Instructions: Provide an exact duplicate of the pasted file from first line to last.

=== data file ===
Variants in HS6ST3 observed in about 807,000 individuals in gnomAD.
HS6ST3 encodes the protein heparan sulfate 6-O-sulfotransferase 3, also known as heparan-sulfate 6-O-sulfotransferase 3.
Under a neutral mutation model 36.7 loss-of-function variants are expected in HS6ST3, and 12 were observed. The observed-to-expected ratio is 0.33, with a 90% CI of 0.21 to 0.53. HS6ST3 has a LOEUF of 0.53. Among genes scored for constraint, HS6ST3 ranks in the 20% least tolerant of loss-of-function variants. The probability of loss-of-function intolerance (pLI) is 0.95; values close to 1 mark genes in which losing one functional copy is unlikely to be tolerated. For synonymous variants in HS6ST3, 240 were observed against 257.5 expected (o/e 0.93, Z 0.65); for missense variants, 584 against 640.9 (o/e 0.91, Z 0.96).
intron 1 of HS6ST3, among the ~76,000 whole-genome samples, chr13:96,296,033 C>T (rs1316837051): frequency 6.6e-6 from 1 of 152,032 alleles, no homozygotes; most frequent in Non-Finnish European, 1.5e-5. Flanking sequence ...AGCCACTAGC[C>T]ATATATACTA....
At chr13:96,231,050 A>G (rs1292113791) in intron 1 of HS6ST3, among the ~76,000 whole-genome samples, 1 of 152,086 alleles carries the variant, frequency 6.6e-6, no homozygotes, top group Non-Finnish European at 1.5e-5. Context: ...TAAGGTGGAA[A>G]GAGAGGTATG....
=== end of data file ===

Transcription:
Variants in HS6ST3 observed in about 807,000 individuals in gnomAD.
HS6ST3 encodes the protein heparan sulfate 6-O-sulfotransferase 3, also known as heparan-sulfate 6-O-sulfotransferase 3.
Under a neutral mutation model 36.7 loss-of-function variants are expected in HS6ST3, and 12 were observed. The observed-to-expected ratio is 0.33, with a 90% CI of 0.21 to 0.53. HS6ST3 has a LOEUF of 0.53. Among genes scored for constraint, HS6ST3 ranks in the 20% least tolerant of loss-of-function variants. The probability of loss-of-function intolerance (pLI) is 0.95; values close to 1 mark genes in which losing one functional copy is unlikely to be tolerated. For synonymous variants in HS6ST3, 240 were observed against 257.5 expected (o/e 0.93, Z 0.65); for missense variants, 584 against 640.9 (o/e 0.91, Z 0.96).
intron 1 of HS6ST3, among the ~76,000 whole-genome samples, chr13:96,296,033 C>T (rs1316837051): frequency 6.6e-6 from 1 of 152,032 alleles, no homozygotes; most frequent in Non-Finnish European, 1.5e-5. Flanking sequence ...AGCCACTAGC[C>T]ATATATACTA....
At chr13:96,231,050 A>G (rs1292113791) in intron 1 of HS6ST3, among the ~76,000 whole-genome samples, 1 of 152,086 alleles carries the variant, frequency 6.6e-6, no homozygotes, top group Non-Finnish European at 1.5e-5. Context: ...TAAGGTGGAA[A>G]GAGAGGTATG....